Axinn Center 219
Old Chapel Road
Middlebury, VT 05753
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Open to the Public

Ruth Dunnell, James P. Storer Professor of Asian History, Kenyon College
In the flourishing field of Mongol studies, questions regarding the prominent position of women in Mongol ruling circles have generated much new scholarship. Marriage alliances played a crucial part in creating and sustaining nomadic confederations, and in the political influence exercised by wives and mothers of Mongol princes and khans, especially those from a few powerful allied lineages. Royal women also acquired property, along with servants, soldiers and retainers, through maintaining their own ordo, or palace-camp. Like all Mongol nobles and members of the extended imperial family who maintained ordos, they shared in the distribution of wealth generated by imperial success. My talk will broaden the lens on royal Mongol women’s property and position by viewing it within another context—that of the native ritual system adapted by Mongol rulers in the best documented case of Yuan China. Women’s function in maintaining sacrifices to deceased khans links the ordo system of royal consorts with the Mongols’ preservation of a distinct nomadic and corporate identity.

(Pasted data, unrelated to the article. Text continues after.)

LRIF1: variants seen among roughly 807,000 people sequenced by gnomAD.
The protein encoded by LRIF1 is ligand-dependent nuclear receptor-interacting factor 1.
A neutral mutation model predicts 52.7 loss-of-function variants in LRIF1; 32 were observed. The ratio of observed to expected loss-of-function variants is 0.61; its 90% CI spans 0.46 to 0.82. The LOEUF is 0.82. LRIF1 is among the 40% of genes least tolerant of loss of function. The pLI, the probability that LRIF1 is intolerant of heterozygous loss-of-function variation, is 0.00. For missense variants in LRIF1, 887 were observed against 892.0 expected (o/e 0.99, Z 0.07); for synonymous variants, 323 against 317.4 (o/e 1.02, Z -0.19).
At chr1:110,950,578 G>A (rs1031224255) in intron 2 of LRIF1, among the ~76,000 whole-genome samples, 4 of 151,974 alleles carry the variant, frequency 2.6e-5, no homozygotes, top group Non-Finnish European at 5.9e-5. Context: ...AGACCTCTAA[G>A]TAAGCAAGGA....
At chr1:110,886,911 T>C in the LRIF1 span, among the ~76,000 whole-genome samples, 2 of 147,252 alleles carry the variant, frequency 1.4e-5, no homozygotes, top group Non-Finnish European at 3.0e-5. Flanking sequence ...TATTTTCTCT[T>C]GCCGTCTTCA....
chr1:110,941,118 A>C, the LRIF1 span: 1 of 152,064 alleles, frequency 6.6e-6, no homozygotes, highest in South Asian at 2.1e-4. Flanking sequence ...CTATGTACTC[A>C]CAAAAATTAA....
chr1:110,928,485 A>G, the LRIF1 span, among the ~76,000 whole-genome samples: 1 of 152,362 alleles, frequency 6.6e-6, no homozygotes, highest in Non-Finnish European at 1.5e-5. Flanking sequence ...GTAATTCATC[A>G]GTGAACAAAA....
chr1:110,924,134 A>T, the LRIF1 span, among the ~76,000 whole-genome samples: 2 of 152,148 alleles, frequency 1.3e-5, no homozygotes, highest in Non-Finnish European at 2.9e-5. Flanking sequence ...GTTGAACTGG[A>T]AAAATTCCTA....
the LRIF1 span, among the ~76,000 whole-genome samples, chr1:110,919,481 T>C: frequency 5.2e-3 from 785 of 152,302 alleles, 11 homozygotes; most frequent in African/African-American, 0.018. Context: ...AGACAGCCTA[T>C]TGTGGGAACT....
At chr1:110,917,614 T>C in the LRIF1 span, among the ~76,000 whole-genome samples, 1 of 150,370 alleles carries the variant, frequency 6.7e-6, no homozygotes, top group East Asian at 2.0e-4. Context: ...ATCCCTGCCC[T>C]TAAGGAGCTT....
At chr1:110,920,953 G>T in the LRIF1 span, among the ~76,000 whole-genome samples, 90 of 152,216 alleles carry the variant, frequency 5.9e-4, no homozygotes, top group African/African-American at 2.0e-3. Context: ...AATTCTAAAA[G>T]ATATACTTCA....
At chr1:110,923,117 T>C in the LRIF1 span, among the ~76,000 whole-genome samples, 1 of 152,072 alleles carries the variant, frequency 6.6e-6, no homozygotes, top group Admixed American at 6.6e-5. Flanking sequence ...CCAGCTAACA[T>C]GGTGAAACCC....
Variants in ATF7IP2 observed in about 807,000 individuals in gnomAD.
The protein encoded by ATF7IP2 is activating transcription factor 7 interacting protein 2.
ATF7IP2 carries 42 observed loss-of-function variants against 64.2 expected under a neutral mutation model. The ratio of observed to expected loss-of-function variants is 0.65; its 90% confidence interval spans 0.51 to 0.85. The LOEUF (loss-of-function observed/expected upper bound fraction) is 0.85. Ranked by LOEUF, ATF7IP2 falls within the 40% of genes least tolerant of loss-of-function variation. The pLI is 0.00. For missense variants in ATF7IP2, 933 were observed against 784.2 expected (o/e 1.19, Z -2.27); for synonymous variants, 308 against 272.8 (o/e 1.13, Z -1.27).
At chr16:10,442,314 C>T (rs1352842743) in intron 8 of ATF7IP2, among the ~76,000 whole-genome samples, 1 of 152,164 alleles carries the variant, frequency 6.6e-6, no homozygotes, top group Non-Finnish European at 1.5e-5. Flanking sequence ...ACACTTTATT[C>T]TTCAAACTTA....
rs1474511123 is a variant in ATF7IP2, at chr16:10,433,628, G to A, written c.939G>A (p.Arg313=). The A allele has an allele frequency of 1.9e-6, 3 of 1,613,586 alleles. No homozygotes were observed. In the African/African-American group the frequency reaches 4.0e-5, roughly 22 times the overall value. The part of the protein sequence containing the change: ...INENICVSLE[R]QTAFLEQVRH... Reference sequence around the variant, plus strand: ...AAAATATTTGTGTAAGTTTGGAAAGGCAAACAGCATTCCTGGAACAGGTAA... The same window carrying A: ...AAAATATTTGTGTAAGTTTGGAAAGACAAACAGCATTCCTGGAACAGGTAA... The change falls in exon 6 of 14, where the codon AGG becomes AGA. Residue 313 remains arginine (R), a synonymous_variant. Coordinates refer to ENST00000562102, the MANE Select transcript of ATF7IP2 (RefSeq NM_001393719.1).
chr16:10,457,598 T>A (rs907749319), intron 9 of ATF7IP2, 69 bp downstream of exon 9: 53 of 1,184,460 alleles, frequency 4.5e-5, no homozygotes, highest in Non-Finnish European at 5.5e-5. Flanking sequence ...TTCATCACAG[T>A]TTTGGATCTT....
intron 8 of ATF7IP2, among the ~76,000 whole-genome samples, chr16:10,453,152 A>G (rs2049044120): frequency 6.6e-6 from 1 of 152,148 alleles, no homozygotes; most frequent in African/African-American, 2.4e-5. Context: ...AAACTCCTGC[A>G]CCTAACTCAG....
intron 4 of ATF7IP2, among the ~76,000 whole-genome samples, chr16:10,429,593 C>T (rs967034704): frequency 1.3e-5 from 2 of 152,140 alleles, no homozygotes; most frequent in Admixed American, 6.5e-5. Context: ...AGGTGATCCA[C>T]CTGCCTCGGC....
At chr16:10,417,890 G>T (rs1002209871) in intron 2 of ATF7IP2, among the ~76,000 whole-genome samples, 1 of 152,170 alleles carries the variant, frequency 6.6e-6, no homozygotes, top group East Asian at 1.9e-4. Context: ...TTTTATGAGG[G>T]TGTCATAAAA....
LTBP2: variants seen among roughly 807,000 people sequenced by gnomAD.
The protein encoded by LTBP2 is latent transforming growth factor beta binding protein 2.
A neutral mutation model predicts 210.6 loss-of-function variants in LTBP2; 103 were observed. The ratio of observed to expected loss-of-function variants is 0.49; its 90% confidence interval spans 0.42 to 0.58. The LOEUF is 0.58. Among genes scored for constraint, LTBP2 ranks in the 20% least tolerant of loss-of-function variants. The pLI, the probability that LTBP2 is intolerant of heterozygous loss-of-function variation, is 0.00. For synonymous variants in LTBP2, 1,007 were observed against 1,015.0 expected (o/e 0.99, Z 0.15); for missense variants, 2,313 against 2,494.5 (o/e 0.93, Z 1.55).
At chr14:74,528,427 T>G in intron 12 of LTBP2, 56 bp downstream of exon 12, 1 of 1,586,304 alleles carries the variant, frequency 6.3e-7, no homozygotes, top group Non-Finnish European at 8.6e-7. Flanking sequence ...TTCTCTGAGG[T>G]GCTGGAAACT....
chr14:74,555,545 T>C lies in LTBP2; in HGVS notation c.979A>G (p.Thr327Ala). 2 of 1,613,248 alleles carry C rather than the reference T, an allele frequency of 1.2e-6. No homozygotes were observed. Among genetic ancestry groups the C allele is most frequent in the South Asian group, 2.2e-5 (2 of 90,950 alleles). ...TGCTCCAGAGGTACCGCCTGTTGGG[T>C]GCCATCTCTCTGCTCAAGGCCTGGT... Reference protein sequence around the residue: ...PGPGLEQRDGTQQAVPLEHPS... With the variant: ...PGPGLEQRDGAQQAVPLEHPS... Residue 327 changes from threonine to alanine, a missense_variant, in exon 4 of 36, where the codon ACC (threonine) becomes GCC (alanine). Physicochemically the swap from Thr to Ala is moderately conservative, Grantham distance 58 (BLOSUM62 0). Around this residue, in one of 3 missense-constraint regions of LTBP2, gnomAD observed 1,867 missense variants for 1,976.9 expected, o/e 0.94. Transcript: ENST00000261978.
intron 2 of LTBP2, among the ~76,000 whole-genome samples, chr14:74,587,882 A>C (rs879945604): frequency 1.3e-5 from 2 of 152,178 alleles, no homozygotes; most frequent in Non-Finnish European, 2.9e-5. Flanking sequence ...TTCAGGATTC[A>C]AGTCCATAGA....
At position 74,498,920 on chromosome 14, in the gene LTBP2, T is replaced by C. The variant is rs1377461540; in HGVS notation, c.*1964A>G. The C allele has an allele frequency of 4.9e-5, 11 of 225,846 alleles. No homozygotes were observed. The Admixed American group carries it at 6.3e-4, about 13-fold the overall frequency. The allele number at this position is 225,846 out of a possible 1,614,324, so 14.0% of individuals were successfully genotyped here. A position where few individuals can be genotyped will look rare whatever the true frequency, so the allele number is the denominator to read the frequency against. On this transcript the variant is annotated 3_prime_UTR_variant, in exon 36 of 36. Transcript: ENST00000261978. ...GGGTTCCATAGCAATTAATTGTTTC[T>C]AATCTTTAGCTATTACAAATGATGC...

Sponsored by:
History; Religion; East Asian Studies

Contact Organizer

Wilkinson, Claire
(802) 443-5354